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Some fertility problems are more easily treated but infertility treatment depends on various things-
  • What causing the Infertility
  • You and your partners age
  • How long you have been infertile
  • Personal preference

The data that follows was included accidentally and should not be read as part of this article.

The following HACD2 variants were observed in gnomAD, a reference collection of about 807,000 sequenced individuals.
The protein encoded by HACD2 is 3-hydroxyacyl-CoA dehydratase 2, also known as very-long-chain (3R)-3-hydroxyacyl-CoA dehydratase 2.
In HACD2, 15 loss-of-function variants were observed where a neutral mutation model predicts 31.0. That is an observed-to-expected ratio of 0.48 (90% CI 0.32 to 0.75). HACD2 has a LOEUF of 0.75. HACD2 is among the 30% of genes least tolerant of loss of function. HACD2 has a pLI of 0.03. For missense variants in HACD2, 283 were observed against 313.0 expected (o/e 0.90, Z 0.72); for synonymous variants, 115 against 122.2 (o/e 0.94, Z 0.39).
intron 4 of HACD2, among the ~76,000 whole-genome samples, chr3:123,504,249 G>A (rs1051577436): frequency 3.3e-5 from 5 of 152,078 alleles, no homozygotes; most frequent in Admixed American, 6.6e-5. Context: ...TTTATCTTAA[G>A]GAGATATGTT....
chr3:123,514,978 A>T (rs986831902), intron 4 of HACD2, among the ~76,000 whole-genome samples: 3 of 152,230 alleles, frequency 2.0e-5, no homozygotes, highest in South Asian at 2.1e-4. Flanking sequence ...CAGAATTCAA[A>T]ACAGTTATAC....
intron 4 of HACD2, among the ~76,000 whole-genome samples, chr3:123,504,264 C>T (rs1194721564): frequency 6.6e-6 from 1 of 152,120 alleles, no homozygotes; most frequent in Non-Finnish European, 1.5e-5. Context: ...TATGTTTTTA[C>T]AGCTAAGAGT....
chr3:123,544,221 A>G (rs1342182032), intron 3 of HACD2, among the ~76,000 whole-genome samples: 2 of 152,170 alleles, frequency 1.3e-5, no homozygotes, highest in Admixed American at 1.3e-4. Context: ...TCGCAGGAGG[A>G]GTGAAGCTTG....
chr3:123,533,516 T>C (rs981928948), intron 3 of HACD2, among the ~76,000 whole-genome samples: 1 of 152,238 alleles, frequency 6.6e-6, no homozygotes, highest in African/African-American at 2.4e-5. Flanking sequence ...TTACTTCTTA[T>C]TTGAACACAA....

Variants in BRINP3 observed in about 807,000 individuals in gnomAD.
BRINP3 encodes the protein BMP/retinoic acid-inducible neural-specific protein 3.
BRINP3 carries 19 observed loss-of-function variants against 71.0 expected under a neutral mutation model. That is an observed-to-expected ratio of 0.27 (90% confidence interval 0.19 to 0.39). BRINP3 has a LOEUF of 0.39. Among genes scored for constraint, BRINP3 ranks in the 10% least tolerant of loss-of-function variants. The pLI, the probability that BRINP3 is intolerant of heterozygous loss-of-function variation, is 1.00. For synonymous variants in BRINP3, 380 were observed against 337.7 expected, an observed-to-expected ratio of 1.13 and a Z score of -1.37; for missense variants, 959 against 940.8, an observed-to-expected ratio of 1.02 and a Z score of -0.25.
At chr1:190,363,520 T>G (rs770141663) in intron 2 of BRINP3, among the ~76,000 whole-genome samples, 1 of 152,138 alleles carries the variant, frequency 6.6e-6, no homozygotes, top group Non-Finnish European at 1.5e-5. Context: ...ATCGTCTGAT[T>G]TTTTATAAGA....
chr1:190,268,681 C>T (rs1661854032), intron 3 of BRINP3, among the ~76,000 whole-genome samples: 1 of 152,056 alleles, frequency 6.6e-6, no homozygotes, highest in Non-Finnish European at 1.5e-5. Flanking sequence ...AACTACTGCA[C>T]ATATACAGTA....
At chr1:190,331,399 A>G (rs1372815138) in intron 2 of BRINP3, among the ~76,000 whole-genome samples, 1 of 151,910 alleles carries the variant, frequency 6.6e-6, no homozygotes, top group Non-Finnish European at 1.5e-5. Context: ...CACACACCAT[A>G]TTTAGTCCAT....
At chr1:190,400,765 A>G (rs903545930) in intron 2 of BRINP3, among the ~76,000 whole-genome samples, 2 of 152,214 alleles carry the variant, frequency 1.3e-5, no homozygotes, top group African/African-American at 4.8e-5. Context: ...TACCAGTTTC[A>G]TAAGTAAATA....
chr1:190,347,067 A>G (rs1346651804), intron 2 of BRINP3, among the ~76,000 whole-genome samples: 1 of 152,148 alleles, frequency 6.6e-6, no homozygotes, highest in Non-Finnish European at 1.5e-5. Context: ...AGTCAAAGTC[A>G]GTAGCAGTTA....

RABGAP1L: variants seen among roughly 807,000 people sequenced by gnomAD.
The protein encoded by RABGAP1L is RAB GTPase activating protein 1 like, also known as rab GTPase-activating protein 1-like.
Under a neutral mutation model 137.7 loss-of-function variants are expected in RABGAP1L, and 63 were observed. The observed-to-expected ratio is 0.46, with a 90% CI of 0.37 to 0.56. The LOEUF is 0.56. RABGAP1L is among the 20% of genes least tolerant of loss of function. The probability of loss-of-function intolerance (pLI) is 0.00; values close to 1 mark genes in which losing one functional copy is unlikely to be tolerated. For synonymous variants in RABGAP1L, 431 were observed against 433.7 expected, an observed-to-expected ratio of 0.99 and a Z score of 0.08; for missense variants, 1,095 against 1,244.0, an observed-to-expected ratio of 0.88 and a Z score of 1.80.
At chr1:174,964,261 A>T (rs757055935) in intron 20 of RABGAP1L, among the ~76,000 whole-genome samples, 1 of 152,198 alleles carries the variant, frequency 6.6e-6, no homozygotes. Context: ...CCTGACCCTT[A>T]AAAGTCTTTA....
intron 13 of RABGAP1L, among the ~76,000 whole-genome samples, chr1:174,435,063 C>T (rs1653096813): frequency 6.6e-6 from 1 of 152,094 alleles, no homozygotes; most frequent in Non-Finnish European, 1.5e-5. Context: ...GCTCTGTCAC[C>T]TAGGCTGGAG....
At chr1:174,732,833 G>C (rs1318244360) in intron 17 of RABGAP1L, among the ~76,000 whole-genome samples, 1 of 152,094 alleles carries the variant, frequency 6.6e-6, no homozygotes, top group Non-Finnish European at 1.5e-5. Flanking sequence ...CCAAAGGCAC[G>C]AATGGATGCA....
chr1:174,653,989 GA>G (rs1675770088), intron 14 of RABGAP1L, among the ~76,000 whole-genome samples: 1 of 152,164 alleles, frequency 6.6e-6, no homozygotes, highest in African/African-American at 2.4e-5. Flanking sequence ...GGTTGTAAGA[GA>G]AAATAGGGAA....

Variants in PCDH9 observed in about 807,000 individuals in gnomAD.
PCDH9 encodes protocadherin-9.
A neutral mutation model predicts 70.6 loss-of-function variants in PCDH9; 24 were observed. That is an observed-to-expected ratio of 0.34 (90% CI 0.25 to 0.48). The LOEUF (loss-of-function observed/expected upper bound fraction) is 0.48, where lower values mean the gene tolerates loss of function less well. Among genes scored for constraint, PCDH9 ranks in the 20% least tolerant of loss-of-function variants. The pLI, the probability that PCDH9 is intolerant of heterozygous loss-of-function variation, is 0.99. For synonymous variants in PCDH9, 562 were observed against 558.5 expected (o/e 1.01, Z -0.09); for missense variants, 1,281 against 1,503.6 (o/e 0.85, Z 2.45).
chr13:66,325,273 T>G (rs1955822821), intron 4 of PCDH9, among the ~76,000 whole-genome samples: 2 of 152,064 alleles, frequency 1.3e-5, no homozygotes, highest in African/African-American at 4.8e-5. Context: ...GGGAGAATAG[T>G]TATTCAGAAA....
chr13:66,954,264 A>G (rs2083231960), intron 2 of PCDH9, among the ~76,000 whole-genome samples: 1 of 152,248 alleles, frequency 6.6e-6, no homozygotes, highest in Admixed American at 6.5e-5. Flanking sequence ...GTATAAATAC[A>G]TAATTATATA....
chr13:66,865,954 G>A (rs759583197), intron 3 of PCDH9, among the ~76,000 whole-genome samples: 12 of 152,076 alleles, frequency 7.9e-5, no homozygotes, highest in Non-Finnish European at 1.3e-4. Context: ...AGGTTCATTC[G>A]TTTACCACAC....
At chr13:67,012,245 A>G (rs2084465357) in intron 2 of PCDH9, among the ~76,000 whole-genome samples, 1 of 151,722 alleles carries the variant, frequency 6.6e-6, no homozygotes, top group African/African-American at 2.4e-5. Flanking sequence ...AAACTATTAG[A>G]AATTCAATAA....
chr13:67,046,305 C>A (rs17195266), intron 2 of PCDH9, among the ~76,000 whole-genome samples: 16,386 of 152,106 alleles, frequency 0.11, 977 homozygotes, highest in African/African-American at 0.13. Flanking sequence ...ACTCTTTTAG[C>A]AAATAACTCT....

Infertility Causes It is a myth that infertility is always a “woman’s problem.” About one-third of infertility cases are due to problems with the man and one-third are due to problems with the woman. Other cases are due to a combination of male and female factors or to unknown causes. It is recommended that you seek medical advice if you are a woman aged below 35 years and fail to conceive after 12 months of contraceptive-free intercourse, or if you are aged 35 years and above, and fail to conceive after 6 months, to best improve your chances of conceiving. Infertility in Men Infertility in men is often caused by problems with making sperm or getting the sperm to reach the egg. Problems with sperm may exist from birth or develop later in life due to illness or injury. Some men produce no sperm, or produce too few sperm. Lifestyle can influence the number and quality of a man’s sperm. Alcohol and drugs can temporarily reduce sperm quality. Environmental toxins, including pesticides and lead, may cause some cases of infertility in men. There are, however, effective male infertility treatments available. Infertility in women Problems with ovulation account for most women’s fertility problems. Without ovulation, eggs are not available to be fertilized. Signs of problems with ovulation include irregular menstrual periods or no periods. Simple lifestyle factors – including stress, diet, or athletic training – can affect a woman’s hormonal balance. Much less often, a hormonal imbalance from a serious medical problem such as a pituitary gland tumour can cause ovulation problems. Aging is a significant factor in female infertility. The capability of a woman’s ovaries to produce eggs declines with age, especially after age 35. About one-third of couples where the woman is over 35 will have problems with fertility. By the time she reaches menopause, when her monthly periods stop for good, a woman can no longer produce eggs or become pregnant. How is infertility tested? If you have been trying to have a baby without success, you may want to seek medical help. If you are over 35, or if you have cause to believe that there may be a fertility problem, you should not wait for one year of trying before seeing a doctor. A medical evaluation may decide the cause for a couple’s infertility. Generally this process begins with physical exams and medical and sexual histories of both partners. If there is no obvious problem, like improperly timed intercourse or absence of ovulation, tests may be needed.